Edith Roller Journals: April 1978

Transcribed from her handwritten notes by Don Beck

RYMUR-89-4286-C-2-A-2 (1) through RYMUR-89-4286-C-2-A-2 (148)
Download Word (.doc) version of April 1978

The text transcribed here (revised 2011) has some missing words or lines due to (1) unreadable, poorly xeroxed text or (2) unreadable writing. Blanks are left in the text for these areas.

List of people and groups mentioned in this Journal


1 April 1978 – Saturday

Had breakfast, followed my usual morning routine, which includes: getting a plantain from the vegetable shed to help with my constipation problem.  Brother Bridgewater always gives me one. Lately I’ve been getting one for Helen Love also.  But sometimes I don’t see her at breakfast or lunch, then I usually eat the other plantain as a snack.

Having no classes today, I did my really personal chores, which I have been neglecting somewhat: care of teeth, skin, eyebrows, finger and toe nails.

Made yesterday’s journal entry.

Corrected the papers from the socialism class. Some knowledgeable people are in the area and some who are unable to follow much of the news, judging by their quizzes and their lack of participation in oral activity.

Went to lunch

Got my typewriter out and started a letter to my sisters and Lor [de la Fuente].  I wrote almost three pages. Need to have Rita check it and then I’ll copy it for each.  Tried to keep out any mention of difficulties for shortages, except of writing supplies which I hope Lor will send me.

I found that I could put my chests at the bottom of the bed where they had been, leaving a narrow passage for Terri and Harriet to get by the ladder to the loft. They said it was satisfactory.

As we have had several days without rain.  It has been announced that the bucket brigade would be in action starting at 3.30.  I planned to go down after I had taken the resume of Gene Chaikin. However, about 4.00 we had a pleasant shower and the bucket brigade was called off.

I went to the central area, found Chaikin. I took his resume down while he had treatment in the pavilion for sores on his legs. Chaikin has had an amazing background of different activities. He has also traveled much in all parts of the world. I had forgotten his birthday is the same as mine.  Perhaps this was the basis for my discovery that like me, an intellectual, he was drawn to gardening.  In my case it is an unfulfilled dream as yet.  Gene has also, like me, an independent streak. In both of us, it shows a reclusive nature.

While I was in the pavilion with Gene, Minnie (formerly Buckley) Morrell asked me to correct a letter she had written to a friend in the states. She told of “being with Jim Bogue” (now Morrell) which I had gathered.

Read Teaching as a Subversive Activity until dinnertime.

Again, I thought Jim might have gone into Georgetown, but I saw him in the Radio Room before the Rally.

Went for dinner at 6:00.

Continued to read in the pavilion until the Rally began.

Jim read the news while people gathered for the rally.  Reported that people couldn’t hear because of too much noise.  Inquiries whether need to take a test.  Says people don’t have enough respect for his healing powers. For example, Rose Shelton had massive brain hemorrhages, Trinidad analyzed. Never knew Rose to cry before Jim touched her and healed her.  Rally started at 7.30 with a few songs..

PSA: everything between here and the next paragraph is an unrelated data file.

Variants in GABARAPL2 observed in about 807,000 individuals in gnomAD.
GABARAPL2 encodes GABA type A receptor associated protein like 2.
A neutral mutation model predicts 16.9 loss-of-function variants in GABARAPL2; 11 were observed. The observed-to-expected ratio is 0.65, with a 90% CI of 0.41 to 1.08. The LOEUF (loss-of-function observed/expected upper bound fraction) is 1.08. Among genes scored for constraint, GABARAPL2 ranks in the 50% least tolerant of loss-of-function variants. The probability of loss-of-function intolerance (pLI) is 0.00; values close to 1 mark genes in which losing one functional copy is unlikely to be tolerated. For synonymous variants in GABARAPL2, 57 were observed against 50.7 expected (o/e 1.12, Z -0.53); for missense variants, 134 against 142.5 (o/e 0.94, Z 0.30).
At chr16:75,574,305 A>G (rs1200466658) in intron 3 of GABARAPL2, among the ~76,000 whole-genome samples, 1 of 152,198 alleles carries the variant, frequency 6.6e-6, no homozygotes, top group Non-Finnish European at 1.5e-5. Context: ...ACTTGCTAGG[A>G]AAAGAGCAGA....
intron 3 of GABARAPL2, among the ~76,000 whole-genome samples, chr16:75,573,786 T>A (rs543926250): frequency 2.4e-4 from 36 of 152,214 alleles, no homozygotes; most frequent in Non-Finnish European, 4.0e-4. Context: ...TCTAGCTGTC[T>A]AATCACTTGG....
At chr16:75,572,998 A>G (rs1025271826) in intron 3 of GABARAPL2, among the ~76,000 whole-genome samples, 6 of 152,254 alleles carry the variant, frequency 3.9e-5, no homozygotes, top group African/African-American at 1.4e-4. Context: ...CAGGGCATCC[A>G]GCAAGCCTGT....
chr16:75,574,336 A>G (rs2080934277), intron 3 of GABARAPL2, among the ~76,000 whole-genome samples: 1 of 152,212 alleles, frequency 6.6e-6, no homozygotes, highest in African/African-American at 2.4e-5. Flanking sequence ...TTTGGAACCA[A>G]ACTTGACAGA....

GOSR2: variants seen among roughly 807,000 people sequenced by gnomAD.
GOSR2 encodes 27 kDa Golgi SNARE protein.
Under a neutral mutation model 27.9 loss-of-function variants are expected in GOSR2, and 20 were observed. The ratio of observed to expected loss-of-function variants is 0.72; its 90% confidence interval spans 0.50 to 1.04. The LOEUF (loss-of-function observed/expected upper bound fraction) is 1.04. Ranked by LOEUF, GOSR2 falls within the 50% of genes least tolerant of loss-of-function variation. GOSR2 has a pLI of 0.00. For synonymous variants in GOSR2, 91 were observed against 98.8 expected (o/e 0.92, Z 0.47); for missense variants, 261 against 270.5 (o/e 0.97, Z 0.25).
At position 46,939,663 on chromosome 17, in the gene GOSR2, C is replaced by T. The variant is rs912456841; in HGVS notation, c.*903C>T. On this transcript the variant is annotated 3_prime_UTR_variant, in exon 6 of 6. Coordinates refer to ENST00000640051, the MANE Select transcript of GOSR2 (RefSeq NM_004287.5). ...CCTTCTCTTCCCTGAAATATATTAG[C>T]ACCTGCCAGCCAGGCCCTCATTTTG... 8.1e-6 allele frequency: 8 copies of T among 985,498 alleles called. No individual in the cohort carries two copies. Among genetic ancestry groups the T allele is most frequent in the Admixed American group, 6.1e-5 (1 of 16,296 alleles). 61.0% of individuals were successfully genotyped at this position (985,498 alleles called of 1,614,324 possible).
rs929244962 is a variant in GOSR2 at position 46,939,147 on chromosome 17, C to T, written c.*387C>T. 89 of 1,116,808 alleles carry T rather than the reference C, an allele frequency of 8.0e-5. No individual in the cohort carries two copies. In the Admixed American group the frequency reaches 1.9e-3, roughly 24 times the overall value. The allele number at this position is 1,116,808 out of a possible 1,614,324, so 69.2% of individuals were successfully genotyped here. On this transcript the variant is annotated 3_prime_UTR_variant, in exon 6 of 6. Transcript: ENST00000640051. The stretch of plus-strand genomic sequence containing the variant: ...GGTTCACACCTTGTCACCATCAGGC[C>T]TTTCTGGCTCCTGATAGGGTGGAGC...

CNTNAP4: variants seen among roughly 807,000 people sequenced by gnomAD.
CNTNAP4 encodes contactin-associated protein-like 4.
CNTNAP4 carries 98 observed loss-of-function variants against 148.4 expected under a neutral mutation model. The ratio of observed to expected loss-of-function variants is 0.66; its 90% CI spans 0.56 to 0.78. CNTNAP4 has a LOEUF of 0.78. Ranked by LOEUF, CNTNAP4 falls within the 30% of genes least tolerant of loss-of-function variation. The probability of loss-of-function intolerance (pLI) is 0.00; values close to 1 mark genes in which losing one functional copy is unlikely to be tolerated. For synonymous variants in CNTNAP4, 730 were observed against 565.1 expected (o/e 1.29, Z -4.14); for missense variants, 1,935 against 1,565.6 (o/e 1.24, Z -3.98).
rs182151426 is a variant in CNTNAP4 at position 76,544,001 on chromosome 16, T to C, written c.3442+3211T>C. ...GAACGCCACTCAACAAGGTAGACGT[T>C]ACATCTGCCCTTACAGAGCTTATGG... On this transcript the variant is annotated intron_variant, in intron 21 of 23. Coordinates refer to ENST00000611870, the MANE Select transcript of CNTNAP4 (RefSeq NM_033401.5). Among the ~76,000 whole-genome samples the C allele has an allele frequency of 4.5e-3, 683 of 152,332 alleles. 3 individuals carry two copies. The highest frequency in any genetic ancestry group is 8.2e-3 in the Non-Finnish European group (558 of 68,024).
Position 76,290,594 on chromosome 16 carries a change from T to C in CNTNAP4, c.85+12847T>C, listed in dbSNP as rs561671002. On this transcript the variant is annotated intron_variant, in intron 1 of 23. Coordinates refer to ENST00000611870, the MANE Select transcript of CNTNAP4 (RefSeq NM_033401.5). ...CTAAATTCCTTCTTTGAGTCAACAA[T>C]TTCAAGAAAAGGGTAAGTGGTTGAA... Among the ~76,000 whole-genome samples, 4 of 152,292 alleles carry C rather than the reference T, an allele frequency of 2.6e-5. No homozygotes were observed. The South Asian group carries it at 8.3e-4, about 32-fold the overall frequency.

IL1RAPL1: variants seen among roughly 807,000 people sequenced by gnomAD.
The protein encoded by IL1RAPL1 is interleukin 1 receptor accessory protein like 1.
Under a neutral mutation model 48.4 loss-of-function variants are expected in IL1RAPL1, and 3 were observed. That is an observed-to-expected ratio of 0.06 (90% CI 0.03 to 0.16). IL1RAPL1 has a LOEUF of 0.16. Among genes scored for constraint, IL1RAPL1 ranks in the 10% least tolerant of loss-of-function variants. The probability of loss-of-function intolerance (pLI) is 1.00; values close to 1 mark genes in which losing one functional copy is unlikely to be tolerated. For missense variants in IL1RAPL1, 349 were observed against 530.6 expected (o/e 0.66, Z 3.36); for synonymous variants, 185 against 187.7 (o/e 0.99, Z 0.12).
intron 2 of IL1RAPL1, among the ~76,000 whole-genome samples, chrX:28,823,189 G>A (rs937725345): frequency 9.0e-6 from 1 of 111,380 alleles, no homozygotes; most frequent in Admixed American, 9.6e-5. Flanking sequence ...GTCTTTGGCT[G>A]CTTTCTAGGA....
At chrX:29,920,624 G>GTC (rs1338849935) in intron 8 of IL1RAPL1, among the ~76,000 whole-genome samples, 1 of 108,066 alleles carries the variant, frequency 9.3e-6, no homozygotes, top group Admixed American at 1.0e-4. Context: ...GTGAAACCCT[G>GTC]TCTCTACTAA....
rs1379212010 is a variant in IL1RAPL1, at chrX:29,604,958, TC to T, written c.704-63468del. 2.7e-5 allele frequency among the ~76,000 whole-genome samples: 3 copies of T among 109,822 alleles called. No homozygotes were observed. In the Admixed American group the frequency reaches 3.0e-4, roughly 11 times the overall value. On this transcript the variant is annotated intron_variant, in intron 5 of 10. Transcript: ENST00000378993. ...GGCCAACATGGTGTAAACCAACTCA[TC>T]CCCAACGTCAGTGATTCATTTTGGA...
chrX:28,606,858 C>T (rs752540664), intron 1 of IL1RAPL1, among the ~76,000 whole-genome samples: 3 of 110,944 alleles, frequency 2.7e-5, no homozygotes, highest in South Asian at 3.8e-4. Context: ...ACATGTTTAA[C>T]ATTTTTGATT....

Jim came in at 8.00.

Agricultural Reports
Brother Jim Simpson Chairman.

Cassava Report given by Keith Newsome. He is a 13 year old and assigned to Dick Tropp, precocious but often gives problems (obstreperous).

Garden Crew. Report from Dorothy Buckley.

Troubles over p.a. system.  Jim asks for any criticisms.  Jeff Carey admits feeling sorry for himself. But thinks treatment on Learning Crew inconsistent.  Makes him hostile. He says he still tries to manipulate people by probing.  Jim asking whatever Learning Crew may be probably is not ideal.  And Mark Rhodes and Gleniel [Johnson] who tried to run away into jungle.  Taken to tiger. Acted up again and tried to sell each other out. Jim tries to reason with them and appeal to their sense of responsibility.  Jim describes his __.

Jim calls attention to someone in back and who won’t listen. She’s a child__ ___ ___ socialism won’t be as good as it would otherwise is the understatement of the year to take care of you and those back there. Others such as Charles Diggs and Huey Newton have to remain an internationalist. Angela Davis, never entered her mind socialism would lose.   “The day I die, people will forget me.”  I opened up myself so you’ll open up yourself.

Don Casanova [Sheid] got bit by the chimp [Mr. Muggs].  He can’t stand males. All stay away.  US Ambassador said people in US wanted break Guyanese laws to get in here and do some kidnapping.  “You cut off your channel and I can’t reach you.”

Jim on bucket brigade.  Wished it would rain.  Didn’t have time for water brigade. Had to listen to speeches to be given tonight in Georgetown.  Caught one statement that would have caused a White Night. Guilt I felt on recorders being collected. Microphones they had, they had to be collected.

Jim concerned about taping meeting. Wanted this one.  Don can’t be found. An example of elitism. We’re the talk of Congress, a thousand people made it to the Soviet Union. Fanatical.  That used the church to bring atheism. Paranormal facts confuse people. “It even confuses me.”